THE SWIMMERS by Chloe Lane (Gallic £12.99, 208pp)


by Chloe Lane (Gallic £12.99, 208pp) 

In the opening pages of this brilliant New Zealand black comedy, a goat is spotted dangling from a tree by its horns. It’s shrieking and bucking a good foot from the ground. 

Spiky young heroine, Erin, doesn’t want to get involved. But her Aunty Wynn insists that they rescue it. Moments after they’ve freed the goat, Wynn shocks Erin with the news that her terminally ill mother would like them to help her die in a few days’ time. 

But assisted dying is illegal in New Zealand. So the two women ask an eccentric local vet for the fatal drugs. 

There are dark laughs and moments of tenderness as their increasingly surreal plans wobble off course. There’s a theft, a punch and a weird sexual encounter. Family ties buckle and bend. Lane’s unsentimental prose nails the strange enormity and mundanity of love and death with perfect piquancy.


by William Friend (Atlantic £12.99, 320pp) 

‘Daddy, there’s a man in our room…’ whisper Alfie’s tiny twin daughters, night after night. They insist a strange man keeps materialising beside their bed. But Alfie’s wife has recently died in mysterious circumstances. It’s not surprising that the couple’s grieving children are having nightmares.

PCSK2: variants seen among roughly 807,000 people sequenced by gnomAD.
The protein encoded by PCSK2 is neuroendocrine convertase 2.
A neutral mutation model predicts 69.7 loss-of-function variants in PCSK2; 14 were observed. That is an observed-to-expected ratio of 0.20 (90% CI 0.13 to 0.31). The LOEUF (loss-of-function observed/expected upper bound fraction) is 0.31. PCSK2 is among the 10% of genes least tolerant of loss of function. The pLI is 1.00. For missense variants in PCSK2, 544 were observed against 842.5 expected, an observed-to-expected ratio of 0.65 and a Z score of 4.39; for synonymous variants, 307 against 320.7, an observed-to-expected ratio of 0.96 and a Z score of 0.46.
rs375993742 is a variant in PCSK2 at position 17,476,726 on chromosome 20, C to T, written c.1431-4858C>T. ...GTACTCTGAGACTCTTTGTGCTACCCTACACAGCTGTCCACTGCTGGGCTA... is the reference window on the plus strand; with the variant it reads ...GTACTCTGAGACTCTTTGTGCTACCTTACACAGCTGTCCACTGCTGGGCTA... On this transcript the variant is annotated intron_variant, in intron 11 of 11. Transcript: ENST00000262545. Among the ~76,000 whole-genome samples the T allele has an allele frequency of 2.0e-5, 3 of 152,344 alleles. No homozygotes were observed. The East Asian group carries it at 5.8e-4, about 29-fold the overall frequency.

When the girls claim to have become friends with their nocturnal intruder, Alfie’s psychologist sister-in-law, Julia, gets worried. Though imaginary friends are a common coping mechanism, it’s very unusual for little girls to pretend a grown man is sharing their bath and bed times. 

As she struggles to make sense of it, she’s forced to confront both her family’s troubled past and her growing attraction to Alfie. 

William Friend has great fun playing with classic horror tropes as the story develops, teasing readers with hints of twin telepathy, seances and a sinister cellar. It’s all a little hokey. But readers will enjoy sifting the supernatural from the psychological explanations, while the suspense slips slow coils around them.

ISLANDERS by Cathy Thomas (Virago £14.99, 224pp)


by Cathy Thomas (Virago £14.99, 224pp) 

Cathy Thomas’s witty, gritty tale of Guernsey life starts in a flurry of boozy teenage sex outside a chip shop in 2000. A rowdy bunch of lads have cider, rum and hotdogs in the boot of a Ford Fiesta. They’re looking forward to a wild night out. 

The book follows the group all the way into 2019, in a sequence of bittersweet stories exploring their dreams, disappointments and betrayals. Like the seagulls that circle over Port Soif, they squabble and squeal. 

A few get to soar away to brighter horizons. A school bully grows up to join the police, wearing black bras under her white blouse and walking down the streets ‘with a wink in her arse’. A poetic portrait of Guernsey’s grubby underside. 

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